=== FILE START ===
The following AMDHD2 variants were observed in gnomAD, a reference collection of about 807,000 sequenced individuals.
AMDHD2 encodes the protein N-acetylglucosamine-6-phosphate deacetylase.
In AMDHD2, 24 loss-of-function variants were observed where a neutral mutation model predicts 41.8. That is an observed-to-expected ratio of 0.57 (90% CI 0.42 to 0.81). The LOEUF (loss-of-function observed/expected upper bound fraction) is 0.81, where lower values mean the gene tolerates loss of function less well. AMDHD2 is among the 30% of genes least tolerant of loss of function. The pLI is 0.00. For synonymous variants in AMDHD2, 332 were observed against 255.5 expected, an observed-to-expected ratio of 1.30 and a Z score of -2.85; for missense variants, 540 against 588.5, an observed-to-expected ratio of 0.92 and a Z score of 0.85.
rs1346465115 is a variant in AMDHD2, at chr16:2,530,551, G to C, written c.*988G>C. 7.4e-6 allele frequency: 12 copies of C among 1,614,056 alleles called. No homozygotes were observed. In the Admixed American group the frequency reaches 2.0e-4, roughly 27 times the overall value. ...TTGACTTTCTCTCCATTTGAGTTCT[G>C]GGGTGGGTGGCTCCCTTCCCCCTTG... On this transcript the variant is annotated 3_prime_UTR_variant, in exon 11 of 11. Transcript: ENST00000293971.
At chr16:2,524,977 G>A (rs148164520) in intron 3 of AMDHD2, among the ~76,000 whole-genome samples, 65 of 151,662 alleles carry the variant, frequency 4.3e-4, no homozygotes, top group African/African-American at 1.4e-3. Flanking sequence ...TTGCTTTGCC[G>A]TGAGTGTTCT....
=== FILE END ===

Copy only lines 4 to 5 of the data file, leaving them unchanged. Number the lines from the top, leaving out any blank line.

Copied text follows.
rs1346465115 is a variant in AMDHD2, at chr16:2,530,551, G to C, written c.*988G>C. 7.4e-6 allele frequency: 12 copies of C among 1,614,056 alleles called. No homozygotes were observed. In the Admixed American group the frequency reaches 2.0e-4, roughly 27 times the overall value. ...TTGACTTTCTCTCCATTTGAGTTCT[G>C]GGGTGGGTGGCTCCCTTCCCCCTTG... On this transcript the variant is annotated 3_prime_UTR_variant, in exon 11 of 11. Transcript: ENST00000293971.
At chr16:2,524,977 G>A (rs148164520) in intron 3 of AMDHD2, among the ~76,000 whole-genome samples, 65 of 151,662 alleles carry the variant, frequency 4.3e-4, no homozygotes, top group African/African-American at 1.4e-3. Flanking sequence ...TTGCTTTGCC[G>A]TGAGTGTTCT....